Nations Take On 'OPEC of Fertilizer'

12/20/2012 6:00 am EST

Focus: COMMODITIES

Jim Jubak

Founder and Editor, JubakPicks.com

Disputes over tightly controlled potash prices have effectively stopped shipments to China and India, the world's two most populous countries, and negotiations to reopen trade could take months, writes MoneyShow's Jim Jubak, also of Jubak's Picks.

It's a faceoff between China and India on one side and the world's potash fertilizer producers, led by Potash of Saskatchewan (POT), on the other.

India and China have delayed regular shipments of potash fertilizer since long-term contracts expired on June 30 and March 31, respectively. That has left Asia's two biggest consumers of fertilizer without new deliveries since the end of the third quarter, and has left farmers to either buy from stockpiles or skip applications entirely.

Negotiations with India have begun, with talks with China likely in January or February. The two countries are looking for a reduction from the $490 a metric ton (India) and $470 a metric ton (China) that they paid in their last contracts. The goal, analysts say, might be a price of $400 to $430 a metric ton. Potash hit a high of $800 a metric ton in 2009.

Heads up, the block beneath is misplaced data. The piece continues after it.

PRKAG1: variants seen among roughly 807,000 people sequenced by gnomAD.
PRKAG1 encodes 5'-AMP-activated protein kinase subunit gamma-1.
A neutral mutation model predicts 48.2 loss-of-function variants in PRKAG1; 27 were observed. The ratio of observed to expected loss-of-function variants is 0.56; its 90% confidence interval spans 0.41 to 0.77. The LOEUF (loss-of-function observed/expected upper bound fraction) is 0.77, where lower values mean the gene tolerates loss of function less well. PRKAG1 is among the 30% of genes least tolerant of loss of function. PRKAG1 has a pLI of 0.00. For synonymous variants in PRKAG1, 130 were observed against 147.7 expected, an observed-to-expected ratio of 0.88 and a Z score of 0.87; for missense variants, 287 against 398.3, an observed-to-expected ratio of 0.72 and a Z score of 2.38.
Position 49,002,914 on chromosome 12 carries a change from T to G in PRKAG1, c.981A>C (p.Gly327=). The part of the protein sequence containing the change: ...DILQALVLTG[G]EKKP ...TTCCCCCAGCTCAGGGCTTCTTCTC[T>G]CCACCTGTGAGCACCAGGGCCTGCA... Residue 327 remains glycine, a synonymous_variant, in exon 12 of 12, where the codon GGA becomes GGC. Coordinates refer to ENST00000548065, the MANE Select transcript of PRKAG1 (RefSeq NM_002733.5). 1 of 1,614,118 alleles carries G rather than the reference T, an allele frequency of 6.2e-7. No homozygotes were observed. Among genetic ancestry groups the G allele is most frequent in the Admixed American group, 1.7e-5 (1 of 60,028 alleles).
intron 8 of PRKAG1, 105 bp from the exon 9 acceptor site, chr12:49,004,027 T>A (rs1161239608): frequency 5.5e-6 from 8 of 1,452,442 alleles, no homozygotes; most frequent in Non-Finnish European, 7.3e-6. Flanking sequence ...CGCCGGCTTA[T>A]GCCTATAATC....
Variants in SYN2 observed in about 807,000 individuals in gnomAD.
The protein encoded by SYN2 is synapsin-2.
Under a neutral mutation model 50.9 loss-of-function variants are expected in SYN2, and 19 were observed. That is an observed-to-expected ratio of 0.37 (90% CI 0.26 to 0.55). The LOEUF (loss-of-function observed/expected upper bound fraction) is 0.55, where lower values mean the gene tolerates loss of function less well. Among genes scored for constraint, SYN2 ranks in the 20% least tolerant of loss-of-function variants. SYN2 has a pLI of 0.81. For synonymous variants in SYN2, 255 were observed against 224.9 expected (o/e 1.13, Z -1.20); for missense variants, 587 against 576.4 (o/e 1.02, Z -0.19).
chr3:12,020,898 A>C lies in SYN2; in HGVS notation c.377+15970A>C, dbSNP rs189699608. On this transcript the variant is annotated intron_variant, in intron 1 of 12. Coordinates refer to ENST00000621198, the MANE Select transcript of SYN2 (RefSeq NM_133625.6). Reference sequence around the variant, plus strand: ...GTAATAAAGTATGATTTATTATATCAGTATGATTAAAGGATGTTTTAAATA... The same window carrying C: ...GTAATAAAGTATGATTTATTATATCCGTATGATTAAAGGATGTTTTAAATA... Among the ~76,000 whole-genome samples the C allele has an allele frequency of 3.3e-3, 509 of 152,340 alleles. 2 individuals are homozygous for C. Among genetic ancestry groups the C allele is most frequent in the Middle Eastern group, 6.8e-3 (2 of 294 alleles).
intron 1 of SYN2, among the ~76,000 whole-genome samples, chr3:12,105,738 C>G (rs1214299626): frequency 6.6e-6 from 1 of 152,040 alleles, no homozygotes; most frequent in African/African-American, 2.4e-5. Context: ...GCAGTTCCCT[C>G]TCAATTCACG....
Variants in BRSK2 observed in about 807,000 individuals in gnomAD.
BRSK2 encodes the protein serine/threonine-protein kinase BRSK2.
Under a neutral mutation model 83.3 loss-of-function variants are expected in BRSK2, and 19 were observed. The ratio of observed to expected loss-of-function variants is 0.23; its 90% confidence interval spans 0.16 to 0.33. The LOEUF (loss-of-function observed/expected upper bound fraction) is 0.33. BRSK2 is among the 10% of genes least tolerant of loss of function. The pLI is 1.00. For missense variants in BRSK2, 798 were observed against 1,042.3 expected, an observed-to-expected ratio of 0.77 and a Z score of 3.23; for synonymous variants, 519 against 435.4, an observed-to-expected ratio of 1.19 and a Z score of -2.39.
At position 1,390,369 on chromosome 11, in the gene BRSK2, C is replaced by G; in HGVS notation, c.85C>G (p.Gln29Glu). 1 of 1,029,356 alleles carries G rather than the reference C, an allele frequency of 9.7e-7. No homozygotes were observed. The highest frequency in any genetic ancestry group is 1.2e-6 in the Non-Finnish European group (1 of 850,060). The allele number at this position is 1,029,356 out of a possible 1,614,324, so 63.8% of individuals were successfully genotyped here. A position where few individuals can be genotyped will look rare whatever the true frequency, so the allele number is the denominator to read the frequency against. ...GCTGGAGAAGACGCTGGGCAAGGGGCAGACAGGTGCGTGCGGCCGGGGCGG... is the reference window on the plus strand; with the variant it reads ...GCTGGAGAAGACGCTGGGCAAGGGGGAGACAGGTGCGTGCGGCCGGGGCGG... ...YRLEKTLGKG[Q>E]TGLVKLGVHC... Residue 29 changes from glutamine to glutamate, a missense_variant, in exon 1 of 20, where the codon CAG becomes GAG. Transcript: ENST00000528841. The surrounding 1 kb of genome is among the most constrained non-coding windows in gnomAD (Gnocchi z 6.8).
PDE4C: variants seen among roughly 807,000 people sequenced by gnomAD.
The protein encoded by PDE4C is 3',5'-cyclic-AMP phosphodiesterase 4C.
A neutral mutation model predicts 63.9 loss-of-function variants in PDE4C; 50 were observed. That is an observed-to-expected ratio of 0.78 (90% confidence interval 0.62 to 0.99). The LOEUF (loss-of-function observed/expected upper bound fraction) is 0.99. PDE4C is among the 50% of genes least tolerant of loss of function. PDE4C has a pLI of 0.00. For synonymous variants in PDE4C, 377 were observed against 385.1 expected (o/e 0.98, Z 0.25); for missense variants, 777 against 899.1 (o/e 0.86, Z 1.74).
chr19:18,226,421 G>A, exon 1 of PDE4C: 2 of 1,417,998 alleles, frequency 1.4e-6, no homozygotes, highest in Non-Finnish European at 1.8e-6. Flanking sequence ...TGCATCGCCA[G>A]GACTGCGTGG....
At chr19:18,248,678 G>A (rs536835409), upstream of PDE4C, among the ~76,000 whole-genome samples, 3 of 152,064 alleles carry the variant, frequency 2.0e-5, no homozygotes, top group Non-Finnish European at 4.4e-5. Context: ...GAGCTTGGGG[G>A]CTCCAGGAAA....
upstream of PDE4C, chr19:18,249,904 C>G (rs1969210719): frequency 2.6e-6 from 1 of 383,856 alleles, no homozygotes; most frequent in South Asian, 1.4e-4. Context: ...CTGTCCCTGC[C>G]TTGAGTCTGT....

For their part, potash producers-a concentrated group, with just seven companies essentially controlling global supply-are determined to protect current prices.

Some producers have reduced production in order to support prices. Potash of Saskatchewan, for example, idled four mines for eight weeks in October and November. Uralkali, the Russian company that is the world's largest potash company by volume, plans to cut output in half between December and March.

Negotiations could drag on for a while. India still has 700,000 tons of potash in its stockpiles, and that's enough to meet demand until March. At recent rates, India would then need to import 3 to 3.5 million tons of potash to get the country's farmers through the year.

The decisive factor, at least as far as India goes, may be a government review of fertilizer subsidies promised for March. And it's almost certain that India won't agree to a deal until after that review.

Full disclosure: I don't own shares of any of the companies mentioned in this post in my personal portfolio. The mutual fund I manage, Jubak Global Equity Fund, may or may not now own positions in any stock mentioned in this post. For a full list of the stocks in the fund as of the end of September, see the fund's portfolio here.

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